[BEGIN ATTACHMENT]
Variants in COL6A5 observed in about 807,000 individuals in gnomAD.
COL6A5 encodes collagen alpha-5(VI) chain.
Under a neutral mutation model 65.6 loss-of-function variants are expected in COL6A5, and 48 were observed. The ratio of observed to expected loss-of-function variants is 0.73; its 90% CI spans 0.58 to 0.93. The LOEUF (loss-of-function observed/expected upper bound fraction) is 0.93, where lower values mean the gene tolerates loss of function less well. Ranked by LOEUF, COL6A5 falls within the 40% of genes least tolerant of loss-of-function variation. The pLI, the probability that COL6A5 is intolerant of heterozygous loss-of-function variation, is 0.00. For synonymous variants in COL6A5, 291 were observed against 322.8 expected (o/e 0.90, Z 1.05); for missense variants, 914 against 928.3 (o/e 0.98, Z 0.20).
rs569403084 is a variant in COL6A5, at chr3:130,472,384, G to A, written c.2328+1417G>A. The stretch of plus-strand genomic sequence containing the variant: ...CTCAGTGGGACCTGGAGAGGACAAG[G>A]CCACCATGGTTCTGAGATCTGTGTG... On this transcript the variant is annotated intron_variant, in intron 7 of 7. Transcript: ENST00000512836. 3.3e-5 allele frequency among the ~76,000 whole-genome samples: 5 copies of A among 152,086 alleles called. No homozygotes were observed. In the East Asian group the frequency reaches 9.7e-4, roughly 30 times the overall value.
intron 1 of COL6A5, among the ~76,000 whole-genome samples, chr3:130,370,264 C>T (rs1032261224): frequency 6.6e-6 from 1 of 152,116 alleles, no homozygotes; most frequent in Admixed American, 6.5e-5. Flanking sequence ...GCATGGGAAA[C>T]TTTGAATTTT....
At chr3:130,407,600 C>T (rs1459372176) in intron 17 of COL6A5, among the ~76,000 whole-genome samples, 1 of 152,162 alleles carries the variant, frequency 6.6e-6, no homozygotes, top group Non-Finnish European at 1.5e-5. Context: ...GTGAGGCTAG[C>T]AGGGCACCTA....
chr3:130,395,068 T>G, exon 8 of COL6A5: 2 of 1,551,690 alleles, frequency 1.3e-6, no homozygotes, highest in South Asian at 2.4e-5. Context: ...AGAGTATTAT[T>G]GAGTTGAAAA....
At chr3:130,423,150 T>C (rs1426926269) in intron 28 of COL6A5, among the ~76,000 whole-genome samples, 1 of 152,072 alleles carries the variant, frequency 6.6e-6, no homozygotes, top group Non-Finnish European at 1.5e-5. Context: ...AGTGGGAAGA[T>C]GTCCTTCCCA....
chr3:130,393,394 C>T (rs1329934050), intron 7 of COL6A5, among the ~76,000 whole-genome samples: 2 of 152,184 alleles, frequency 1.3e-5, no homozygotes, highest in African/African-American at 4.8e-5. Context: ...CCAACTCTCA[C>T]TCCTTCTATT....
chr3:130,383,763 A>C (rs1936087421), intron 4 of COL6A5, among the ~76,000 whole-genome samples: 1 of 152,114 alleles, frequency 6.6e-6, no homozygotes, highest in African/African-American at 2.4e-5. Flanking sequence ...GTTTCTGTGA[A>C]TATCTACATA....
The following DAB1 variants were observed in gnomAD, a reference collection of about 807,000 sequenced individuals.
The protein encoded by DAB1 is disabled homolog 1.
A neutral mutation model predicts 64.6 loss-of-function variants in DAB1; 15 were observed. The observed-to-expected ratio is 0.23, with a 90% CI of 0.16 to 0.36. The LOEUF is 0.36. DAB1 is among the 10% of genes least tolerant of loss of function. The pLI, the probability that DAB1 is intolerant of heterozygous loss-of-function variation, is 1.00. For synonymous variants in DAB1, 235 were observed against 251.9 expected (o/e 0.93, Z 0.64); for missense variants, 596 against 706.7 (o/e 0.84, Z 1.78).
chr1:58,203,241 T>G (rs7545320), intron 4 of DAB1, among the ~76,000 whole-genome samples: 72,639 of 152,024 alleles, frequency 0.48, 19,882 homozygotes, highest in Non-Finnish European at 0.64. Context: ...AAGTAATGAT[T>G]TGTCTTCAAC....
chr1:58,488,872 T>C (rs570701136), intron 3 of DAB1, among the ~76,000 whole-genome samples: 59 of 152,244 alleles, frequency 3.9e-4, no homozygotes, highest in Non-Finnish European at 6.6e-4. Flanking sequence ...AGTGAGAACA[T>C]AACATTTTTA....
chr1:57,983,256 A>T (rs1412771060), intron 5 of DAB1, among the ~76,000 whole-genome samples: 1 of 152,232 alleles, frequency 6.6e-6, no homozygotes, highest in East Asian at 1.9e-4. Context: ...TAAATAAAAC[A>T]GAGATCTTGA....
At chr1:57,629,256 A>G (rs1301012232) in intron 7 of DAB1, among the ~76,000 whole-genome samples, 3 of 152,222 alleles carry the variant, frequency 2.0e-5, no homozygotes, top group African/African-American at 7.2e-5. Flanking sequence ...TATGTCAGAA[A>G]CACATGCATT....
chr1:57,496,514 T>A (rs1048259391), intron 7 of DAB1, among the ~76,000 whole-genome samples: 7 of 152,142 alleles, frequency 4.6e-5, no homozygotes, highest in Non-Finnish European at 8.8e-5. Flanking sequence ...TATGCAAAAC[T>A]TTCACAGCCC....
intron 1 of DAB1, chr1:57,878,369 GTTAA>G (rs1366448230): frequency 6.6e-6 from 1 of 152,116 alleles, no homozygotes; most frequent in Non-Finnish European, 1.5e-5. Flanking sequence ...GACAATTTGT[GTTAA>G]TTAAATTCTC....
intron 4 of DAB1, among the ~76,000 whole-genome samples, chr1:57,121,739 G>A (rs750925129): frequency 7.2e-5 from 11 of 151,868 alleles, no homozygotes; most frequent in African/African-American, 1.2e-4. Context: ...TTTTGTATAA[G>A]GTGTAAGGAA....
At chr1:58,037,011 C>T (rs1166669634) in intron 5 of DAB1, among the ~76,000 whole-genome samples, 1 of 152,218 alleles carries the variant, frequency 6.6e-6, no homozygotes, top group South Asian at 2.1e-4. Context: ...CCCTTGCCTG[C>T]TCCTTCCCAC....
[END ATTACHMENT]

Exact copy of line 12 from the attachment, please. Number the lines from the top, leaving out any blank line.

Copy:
The protein encoded by DAB1 is disabled homolog 1.